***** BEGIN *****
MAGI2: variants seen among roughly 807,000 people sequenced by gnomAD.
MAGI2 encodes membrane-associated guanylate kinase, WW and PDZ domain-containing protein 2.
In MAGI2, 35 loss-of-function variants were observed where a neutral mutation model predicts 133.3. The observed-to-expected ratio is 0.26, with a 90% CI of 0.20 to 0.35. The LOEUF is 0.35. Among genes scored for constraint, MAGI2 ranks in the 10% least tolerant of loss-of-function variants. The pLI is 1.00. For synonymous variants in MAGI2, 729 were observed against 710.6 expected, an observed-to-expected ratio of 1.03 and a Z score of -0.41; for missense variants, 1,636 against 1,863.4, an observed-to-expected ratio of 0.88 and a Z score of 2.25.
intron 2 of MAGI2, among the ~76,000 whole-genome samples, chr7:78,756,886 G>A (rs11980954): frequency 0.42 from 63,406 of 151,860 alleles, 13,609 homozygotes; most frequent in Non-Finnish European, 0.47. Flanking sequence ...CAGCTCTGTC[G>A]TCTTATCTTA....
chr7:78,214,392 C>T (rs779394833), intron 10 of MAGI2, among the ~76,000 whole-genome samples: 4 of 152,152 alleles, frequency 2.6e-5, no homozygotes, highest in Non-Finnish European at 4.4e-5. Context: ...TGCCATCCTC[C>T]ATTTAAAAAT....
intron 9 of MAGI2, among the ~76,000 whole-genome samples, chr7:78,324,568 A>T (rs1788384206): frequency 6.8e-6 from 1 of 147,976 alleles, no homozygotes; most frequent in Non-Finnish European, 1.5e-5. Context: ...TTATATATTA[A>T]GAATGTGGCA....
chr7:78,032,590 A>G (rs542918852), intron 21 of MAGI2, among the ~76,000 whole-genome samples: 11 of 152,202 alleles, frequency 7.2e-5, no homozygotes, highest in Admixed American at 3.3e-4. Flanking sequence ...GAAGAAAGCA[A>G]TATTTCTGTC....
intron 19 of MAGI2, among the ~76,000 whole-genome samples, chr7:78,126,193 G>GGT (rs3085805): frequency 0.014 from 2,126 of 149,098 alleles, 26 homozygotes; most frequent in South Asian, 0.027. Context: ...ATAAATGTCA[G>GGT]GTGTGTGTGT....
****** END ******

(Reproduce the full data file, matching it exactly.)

MAGI2: variants seen among roughly 807,000 people sequenced by gnomAD.
MAGI2 encodes membrane-associated guanylate kinase, WW and PDZ domain-containing protein 2.
In MAGI2, 35 loss-of-function variants were observed where a neutral mutation model predicts 133.3. The observed-to-expected ratio is 0.26, with a 90% CI of 0.20 to 0.35. The LOEUF is 0.35. Among genes scored for constraint, MAGI2 ranks in the 10% least tolerant of loss-of-function variants. The pLI is 1.00. For synonymous variants in MAGI2, 729 were observed against 710.6 expected, an observed-to-expected ratio of 1.03 and a Z score of -0.41; for missense variants, 1,636 against 1,863.4, an observed-to-expected ratio of 0.88 and a Z score of 2.25.
intron 2 of MAGI2, among the ~76,000 whole-genome samples, chr7:78,756,886 G>A (rs11980954): frequency 0.42 from 63,406 of 151,860 alleles, 13,609 homozygotes; most frequent in Non-Finnish European, 0.47. Flanking sequence ...CAGCTCTGTC[G>A]TCTTATCTTA....
chr7:78,214,392 C>T (rs779394833), intron 10 of MAGI2, among the ~76,000 whole-genome samples: 4 of 152,152 alleles, frequency 2.6e-5, no homozygotes, highest in Non-Finnish European at 4.4e-5. Context: ...TGCCATCCTC[C>T]ATTTAAAAAT....
intron 9 of MAGI2, among the ~76,000 whole-genome samples, chr7:78,324,568 A>T (rs1788384206): frequency 6.8e-6 from 1 of 147,976 alleles, no homozygotes; most frequent in Non-Finnish European, 1.5e-5. Context: ...TTATATATTA[A>T]GAATGTGGCA....
chr7:78,032,590 A>G (rs542918852), intron 21 of MAGI2, among the ~76,000 whole-genome samples: 11 of 152,202 alleles, frequency 7.2e-5, no homozygotes, highest in Admixed American at 3.3e-4. Flanking sequence ...GAAGAAAGCA[A>G]TATTTCTGTC....
intron 19 of MAGI2, among the ~76,000 whole-genome samples, chr7:78,126,193 G>GGT (rs3085805): frequency 0.014 from 2,126 of 149,098 alleles, 26 homozygotes; most frequent in South Asian, 0.027. Context: ...ATAAATGTCA[G>GGT]GTGTGTGTGT....